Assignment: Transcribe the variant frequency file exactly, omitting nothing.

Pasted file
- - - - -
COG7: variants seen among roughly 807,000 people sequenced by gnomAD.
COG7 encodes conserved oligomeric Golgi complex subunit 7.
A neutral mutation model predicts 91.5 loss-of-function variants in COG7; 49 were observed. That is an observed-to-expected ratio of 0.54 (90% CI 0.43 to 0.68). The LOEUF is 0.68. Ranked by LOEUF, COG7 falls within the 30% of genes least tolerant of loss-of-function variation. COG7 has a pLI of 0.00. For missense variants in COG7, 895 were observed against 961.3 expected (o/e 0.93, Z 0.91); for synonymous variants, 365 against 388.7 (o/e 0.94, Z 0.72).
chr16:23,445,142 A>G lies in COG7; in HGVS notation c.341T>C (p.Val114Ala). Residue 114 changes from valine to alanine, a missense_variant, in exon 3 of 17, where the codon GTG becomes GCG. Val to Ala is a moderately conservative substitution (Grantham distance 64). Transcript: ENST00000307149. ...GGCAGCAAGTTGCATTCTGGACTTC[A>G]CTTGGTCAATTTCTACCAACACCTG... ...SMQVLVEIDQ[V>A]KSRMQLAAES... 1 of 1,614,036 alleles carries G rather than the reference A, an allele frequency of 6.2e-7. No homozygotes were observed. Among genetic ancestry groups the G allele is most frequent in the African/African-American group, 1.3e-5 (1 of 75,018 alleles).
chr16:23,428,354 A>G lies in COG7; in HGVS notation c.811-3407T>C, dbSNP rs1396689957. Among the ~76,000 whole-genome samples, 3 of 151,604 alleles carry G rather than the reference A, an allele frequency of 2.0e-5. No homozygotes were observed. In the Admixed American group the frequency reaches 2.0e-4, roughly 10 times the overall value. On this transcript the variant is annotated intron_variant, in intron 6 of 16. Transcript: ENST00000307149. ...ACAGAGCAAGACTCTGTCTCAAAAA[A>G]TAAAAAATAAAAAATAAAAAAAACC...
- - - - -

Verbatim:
COG7: variants seen among roughly 807,000 people sequenced by gnomAD.
COG7 encodes conserved oligomeric Golgi complex subunit 7.
A neutral mutation model predicts 91.5 loss-of-function variants in COG7; 49 were observed. That is an observed-to-expected ratio of 0.54 (90% CI 0.43 to 0.68). The LOEUF is 0.68. Ranked by LOEUF, COG7 falls within the 30% of genes least tolerant of loss-of-function variation. COG7 has a pLI of 0.00. For missense variants in COG7, 895 were observed against 961.3 expected (o/e 0.93, Z 0.91); for synonymous variants, 365 against 388.7 (o/e 0.94, Z 0.72).
chr16:23,445,142 A>G lies in COG7; in HGVS notation c.341T>C (p.Val114Ala). Residue 114 changes from valine to alanine, a missense_variant, in exon 3 of 17, where the codon GTG becomes GCG. Val to Ala is a moderately conservative substitution (Grantham distance 64). Transcript: ENST00000307149. ...GGCAGCAAGTTGCATTCTGGACTTC[A>G]CTTGGTCAATTTCTACCAACACCTG... ...SMQVLVEIDQ[V>A]KSRMQLAAES... 1 of 1,614,036 alleles carries G rather than the reference A, an allele frequency of 6.2e-7. No homozygotes were observed. Among genetic ancestry groups the G allele is most frequent in the African/African-American group, 1.3e-5 (1 of 75,018 alleles).
chr16:23,428,354 A>G lies in COG7; in HGVS notation c.811-3407T>C, dbSNP rs1396689957. Among the ~76,000 whole-genome samples, 3 of 151,604 alleles carry G rather than the reference A, an allele frequency of 2.0e-5. No homozygotes were observed. In the Admixed American group the frequency reaches 2.0e-4, roughly 10 times the overall value. On this transcript the variant is annotated intron_variant, in intron 6 of 16. Transcript: ENST00000307149. ...ACAGAGCAAGACTCTGTCTCAAAAA[A>G]TAAAAAATAAAAAATAAAAAAAACC...